The pictures were shot with my iphone, 3 weeks after the March 2016 Grand-Bassam terrorist attack near Abidjan, where gunmen opened fire at numerous beach resorts.
“I was shocked to see that just a fe I chose to use my iphone instead of my DSLR camera to capture people discreetly. They don’ t know that they are photographed, so they are not self-aware. I shot the pictures as if i was doing a scan of the city.
This series is a way to cope with my own sadness and a way to witness the (denied) traumatism of people living there. Bassam is my refuge, the place i go to unwind and to be by myself.
At one hour drive from Abidjan, Bassam is a place full of history, a quiet and peaceful little town.
Bassam reminds me of insouciance, my wedding family lunch, all these childhood sunday afternoons i used to spend with my loved ones on this same beach where the attacks took place.. To me, Bassam was a synonym of happiness, until that day.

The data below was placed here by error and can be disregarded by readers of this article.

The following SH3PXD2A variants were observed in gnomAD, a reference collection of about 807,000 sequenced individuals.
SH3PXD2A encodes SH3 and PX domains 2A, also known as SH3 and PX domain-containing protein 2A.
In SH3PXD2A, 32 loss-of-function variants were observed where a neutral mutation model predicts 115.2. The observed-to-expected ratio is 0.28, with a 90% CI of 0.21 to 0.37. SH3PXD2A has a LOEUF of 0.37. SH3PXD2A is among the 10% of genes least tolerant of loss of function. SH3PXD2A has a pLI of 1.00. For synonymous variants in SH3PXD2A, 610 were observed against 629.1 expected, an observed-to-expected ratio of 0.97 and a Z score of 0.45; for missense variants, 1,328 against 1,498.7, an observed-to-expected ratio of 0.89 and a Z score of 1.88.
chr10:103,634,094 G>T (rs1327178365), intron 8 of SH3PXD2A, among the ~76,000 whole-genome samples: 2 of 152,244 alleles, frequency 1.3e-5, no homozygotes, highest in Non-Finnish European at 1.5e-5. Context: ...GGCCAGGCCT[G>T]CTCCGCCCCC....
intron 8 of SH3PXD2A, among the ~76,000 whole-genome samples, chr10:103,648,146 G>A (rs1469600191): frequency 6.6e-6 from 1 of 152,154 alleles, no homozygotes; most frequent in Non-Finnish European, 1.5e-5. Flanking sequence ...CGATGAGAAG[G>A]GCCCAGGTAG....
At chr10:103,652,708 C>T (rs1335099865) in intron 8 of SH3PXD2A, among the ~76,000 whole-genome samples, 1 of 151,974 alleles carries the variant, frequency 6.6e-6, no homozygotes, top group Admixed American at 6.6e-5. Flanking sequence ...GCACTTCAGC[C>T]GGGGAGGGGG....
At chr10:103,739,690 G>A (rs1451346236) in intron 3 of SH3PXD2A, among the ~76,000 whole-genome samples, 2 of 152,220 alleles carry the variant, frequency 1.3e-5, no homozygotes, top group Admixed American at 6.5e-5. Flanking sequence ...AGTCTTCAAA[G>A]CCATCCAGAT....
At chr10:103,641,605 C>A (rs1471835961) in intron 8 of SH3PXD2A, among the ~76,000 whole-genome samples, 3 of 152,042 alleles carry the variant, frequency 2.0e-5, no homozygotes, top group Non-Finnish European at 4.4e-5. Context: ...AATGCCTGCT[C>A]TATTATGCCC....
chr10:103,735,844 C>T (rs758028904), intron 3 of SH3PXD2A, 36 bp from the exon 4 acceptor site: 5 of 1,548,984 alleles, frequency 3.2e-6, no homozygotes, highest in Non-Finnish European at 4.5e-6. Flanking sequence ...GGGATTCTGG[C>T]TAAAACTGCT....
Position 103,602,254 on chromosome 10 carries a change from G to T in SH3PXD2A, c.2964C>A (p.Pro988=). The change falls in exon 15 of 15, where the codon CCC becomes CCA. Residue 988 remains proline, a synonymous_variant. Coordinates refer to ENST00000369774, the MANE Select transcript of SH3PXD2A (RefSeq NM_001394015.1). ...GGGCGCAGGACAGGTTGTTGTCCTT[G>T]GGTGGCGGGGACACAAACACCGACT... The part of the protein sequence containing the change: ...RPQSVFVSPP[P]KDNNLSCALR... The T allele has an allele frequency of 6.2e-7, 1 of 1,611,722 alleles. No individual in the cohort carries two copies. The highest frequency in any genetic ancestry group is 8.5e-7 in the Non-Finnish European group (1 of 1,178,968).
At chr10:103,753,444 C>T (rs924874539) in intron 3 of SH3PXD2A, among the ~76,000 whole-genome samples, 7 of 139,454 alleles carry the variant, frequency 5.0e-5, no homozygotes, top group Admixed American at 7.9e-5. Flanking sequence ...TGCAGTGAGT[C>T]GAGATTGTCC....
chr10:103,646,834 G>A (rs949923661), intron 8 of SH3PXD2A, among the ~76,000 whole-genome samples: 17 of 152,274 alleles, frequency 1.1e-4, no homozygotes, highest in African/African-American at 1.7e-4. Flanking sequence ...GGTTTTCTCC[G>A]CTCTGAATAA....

3 weeks after the attacks, the atmosphere of the little town changed.. The sadness is everywhere. A “saudade”, some kind of melancholy invaded the town.
Most of the pictures show empty places, and people by themselves, walking in the streets or just standing, sitting alone, lost in their thoughts. “ça va aller” means “it will be ok”. This typical ivorian expression is used for everything, even for situations that are not going to be ok.
This work is a way to address the way ivorian people deal with psychological traumas, and mental illness. In Côte d’Ivoire, people do not discuss much their psychological issues, or feelings. A post-traumatic choc is often considered as weakness or a mental illnes. People hardly talk about their feelings, and each conversation is quickly shortened by a resigned ” ça va aller”. The attacks re-opened the mental wounds left by the post electoral war of 2011.
Each stitch was a way to recover, to lie down the emotions, the loneliness, and mixed feelings i felt.